I guess, then, that I am conducted a cost-benefit analysis of sorts of bureaucracies. Taking into account the valid points you make about the potential pitfalls of bureaucracies, then juxtaposed with their irrefutable boon for democracy, I would argue that the later supersedes the former. Bureaucracies do more good than harm.

  2. Isabela Karibjanian

    December 5, 2017 at 5:14 am

    I agree with you that having an entire bureaucracy with a coordinated political agenda that runs contrary to the goals of the administration it purportedly serves is dangerous. However, I do not believe that civil servants should be required to resign if they earnestly believe that the laws the administration is asking them to execute fundamentally run contrary to the Constitution or would irreparably damage the American democracy. Yes, there is a risk in bureaucrats making these judgment calls on their own on which extra-legal principles are valid or invalid to act upon, but civil servants are the greatest source of institutional memory in the government and are among the people most poised to make such a call in extreme circumstances. I do not believe this means that they should do everything in their power to stall every action the administration asks them to take, as that would defeat the purpose of the bureaucracy executing the policies of the executive branch. However, I do believe it can serve as an important stabilizing force of sorts in extreme cases (but I would not go as far to say that it should be a check on executive power, as that is extra-constitutional).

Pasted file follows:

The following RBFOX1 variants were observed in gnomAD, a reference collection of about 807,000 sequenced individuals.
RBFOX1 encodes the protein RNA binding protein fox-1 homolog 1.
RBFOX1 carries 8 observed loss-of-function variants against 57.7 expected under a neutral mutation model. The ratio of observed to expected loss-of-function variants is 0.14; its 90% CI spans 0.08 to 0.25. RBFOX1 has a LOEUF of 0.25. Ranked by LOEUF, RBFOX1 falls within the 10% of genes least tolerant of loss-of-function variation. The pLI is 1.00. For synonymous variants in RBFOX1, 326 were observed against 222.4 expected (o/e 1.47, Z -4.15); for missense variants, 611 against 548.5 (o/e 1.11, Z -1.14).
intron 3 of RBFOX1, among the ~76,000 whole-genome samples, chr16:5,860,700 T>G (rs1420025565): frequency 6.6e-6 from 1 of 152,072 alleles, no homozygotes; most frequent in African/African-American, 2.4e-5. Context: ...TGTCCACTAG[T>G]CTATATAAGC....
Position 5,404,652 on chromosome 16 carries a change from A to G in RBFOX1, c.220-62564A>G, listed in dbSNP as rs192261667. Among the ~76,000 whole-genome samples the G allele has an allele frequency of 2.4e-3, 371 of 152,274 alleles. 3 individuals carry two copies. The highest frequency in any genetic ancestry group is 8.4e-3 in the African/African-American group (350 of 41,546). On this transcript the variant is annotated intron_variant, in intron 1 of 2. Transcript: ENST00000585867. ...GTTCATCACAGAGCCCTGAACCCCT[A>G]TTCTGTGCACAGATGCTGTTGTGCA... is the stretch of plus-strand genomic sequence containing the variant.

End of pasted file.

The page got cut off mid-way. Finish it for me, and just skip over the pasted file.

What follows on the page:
I also think it is interesting to consider the public reception to the rise of the “alt” Twitter accounts shortly following President Trump’s inauguration. I think their popularity and cult following (and the public’s apparent desire to see them completely sabotage the entirety of the incoming administration’s agenda) is worrisome. Bureaucratic institutions should be a stabilizing force during volatile political times, not arms of one political ideology.

  3. Why bureaucratic resistance is not a fundamental threat to democracy by Isabela Karibjanian @ Brown University – Democratic Erosion

    December 12, 2017 at 5:08 pm

    […] Bennetts recently argued in “The Danger of Bureaucratic Resistance” that bureaucrats with too much agency directly threaten the sanctity of the American democracy. […]